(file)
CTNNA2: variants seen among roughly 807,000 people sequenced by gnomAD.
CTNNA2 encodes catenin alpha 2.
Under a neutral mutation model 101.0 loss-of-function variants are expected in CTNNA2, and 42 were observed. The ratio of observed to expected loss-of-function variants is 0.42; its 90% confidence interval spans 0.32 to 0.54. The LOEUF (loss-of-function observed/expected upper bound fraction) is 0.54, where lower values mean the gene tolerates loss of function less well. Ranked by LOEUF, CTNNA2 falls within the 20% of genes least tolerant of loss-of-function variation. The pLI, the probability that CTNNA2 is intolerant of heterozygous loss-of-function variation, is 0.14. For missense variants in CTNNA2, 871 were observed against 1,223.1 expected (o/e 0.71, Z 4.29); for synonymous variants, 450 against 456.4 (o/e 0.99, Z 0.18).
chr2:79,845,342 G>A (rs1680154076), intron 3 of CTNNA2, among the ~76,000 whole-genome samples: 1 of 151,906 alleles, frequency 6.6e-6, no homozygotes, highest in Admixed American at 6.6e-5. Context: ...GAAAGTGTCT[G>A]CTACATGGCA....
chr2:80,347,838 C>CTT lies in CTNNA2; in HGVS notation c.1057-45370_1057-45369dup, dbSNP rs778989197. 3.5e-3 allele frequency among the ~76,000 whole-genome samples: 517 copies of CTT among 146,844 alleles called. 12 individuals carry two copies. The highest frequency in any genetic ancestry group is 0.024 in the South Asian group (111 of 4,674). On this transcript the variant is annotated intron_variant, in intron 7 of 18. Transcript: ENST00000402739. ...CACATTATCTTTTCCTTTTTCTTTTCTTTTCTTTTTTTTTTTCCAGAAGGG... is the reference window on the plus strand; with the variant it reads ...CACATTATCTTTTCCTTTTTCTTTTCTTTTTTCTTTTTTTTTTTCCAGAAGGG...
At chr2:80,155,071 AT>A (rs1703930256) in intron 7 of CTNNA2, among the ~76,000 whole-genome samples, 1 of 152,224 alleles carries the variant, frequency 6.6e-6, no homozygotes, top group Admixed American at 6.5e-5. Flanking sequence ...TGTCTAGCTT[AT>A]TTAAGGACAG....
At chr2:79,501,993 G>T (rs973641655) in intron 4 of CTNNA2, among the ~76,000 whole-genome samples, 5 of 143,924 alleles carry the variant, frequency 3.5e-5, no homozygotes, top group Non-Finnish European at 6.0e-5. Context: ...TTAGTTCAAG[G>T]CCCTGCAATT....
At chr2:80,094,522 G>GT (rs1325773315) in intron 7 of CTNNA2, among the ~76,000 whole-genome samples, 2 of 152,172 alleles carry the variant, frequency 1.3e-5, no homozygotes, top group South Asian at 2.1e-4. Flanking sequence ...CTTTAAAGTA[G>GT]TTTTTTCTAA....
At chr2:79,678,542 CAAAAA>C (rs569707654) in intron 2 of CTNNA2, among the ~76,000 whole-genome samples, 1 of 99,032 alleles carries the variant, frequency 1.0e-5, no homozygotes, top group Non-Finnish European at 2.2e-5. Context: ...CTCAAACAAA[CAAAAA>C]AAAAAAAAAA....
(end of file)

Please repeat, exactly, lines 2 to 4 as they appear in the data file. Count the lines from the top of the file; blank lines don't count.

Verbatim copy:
CTNNA2 encodes catenin alpha 2.
Under a neutral mutation model 101.0 loss-of-function variants are expected in CTNNA2, and 42 were observed. The ratio of observed to expected loss-of-function variants is 0.42; its 90% confidence interval spans 0.32 to 0.54. The LOEUF (loss-of-function observed/expected upper bound fraction) is 0.54, where lower values mean the gene tolerates loss of function less well. Ranked by LOEUF, CTNNA2 falls within the 20% of genes least tolerant of loss-of-function variation. The pLI, the probability that CTNNA2 is intolerant of heterozygous loss-of-function variation, is 0.14. For missense variants in CTNNA2, 871 were observed against 1,223.1 expected (o/e 0.71, Z 4.29); for synonymous variants, 450 against 456.4 (o/e 0.99, Z 0.18).
chr2:79,845,342 G>A (rs1680154076), intron 3 of CTNNA2, among the ~76,000 whole-genome samples: 1 of 151,906 alleles, frequency 6.6e-6, no homozygotes, highest in Admixed American at 6.6e-5. Context: ...GAAAGTGTCT[G>A]CTACATGGCA....